The most common range of remedies to be ordered at trial are as follows:

  • damages - compensatory (and punitive in appropriate cases);
  • declaration as to rights;
  • interim or permanent injunctions;
  • specific performance;
  • account of profits; and
  • orders permitting tracing of assets and recovery.

Judgment without full trial

Can a victim obtain a judgment without the need for a full trial?

Yes. Default judgment is available where proceedings have been validly served but the defendant fails to respond within the time prescribed by the RSC.

Summary judgment is available where, although the defendant has responded to a service of proceedings, the claimant can establish that the defendant has no defence to the claim or any part of it.

Post-judgment relief

What post-judgment relief is available to successful claimants?

Freezing orders are available to preserve rights and assets and, in certain circumstances, stand-alone freezing orders will be ordered against a defendant in foreign proceedings where there are no local proceedings in progress.

Rule 48 of the RSC provides for the production of documents by, and the examination of, a judgment debtor as to the means of satisfying the judgment debt.

Rule 50 of the RSC provides for the appointment of a receiver by way of equitable execution.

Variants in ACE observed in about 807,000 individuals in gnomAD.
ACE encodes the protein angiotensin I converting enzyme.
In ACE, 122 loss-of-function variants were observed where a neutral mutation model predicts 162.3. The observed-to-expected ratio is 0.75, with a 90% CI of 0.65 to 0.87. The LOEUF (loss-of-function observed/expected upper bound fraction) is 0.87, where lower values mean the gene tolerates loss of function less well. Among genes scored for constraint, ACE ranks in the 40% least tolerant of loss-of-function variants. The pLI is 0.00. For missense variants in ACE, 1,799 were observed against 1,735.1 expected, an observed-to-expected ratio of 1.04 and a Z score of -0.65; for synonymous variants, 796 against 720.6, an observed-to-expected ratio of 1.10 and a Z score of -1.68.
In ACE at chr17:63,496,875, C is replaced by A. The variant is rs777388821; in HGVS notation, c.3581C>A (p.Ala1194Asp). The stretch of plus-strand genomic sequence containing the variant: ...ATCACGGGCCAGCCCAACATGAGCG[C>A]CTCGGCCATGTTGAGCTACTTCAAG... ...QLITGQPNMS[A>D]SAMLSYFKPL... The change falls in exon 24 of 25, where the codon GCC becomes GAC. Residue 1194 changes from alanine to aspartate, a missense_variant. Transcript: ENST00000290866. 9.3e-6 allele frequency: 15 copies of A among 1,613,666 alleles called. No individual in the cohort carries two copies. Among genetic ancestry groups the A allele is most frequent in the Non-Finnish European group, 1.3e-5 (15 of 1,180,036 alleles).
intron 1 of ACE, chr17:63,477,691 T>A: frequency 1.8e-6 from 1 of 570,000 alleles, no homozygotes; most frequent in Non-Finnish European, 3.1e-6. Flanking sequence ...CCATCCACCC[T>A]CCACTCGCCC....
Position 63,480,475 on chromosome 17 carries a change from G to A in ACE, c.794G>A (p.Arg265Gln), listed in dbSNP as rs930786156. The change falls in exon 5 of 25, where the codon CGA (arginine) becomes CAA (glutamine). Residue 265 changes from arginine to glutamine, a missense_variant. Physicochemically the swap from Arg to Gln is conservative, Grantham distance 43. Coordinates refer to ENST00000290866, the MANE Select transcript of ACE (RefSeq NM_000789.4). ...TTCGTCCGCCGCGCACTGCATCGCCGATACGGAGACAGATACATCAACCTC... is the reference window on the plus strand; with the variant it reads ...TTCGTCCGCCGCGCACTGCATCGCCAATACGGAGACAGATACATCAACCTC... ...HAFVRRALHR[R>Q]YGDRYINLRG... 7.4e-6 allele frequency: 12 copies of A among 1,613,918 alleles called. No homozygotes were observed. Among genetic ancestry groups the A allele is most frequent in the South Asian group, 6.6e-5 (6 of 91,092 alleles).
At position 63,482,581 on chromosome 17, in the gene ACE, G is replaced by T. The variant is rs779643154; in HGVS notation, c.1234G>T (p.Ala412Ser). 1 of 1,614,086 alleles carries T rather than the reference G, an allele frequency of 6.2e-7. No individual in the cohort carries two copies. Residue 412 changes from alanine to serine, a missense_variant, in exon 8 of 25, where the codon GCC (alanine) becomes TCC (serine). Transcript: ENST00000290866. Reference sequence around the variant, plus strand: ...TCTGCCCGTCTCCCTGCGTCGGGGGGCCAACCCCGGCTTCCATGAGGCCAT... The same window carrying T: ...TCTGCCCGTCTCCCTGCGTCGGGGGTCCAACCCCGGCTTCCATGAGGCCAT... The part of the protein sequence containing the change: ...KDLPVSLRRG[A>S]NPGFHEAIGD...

What methods of enforcement are available?

Rule 45 of the RSC provides various methods of enforcement of a money judgment including:

  • seizure and sale of assets;
  • appointment of a receiver;
  • garnishee orders;
  • writ of sequestration; and
  • order for committal.

A money judgment will automatically create a lien over real property situated in Bermuda that is registered in the judgment debtor’s name.

Funding and costs

What funding arrangements are available to parties contemplating or involved in litigation and do the courts have any powers to manage the overall cost of that litigation?

The general rule in Bermuda is that ‘costs follow the event’; namely, the loser will pay the other party’s costs for the action, although costs awards fall within the discretion of the court. Although litigants are usually self-funded, third-party funding is permitted. Contingency fees are not permitted in Bermuda.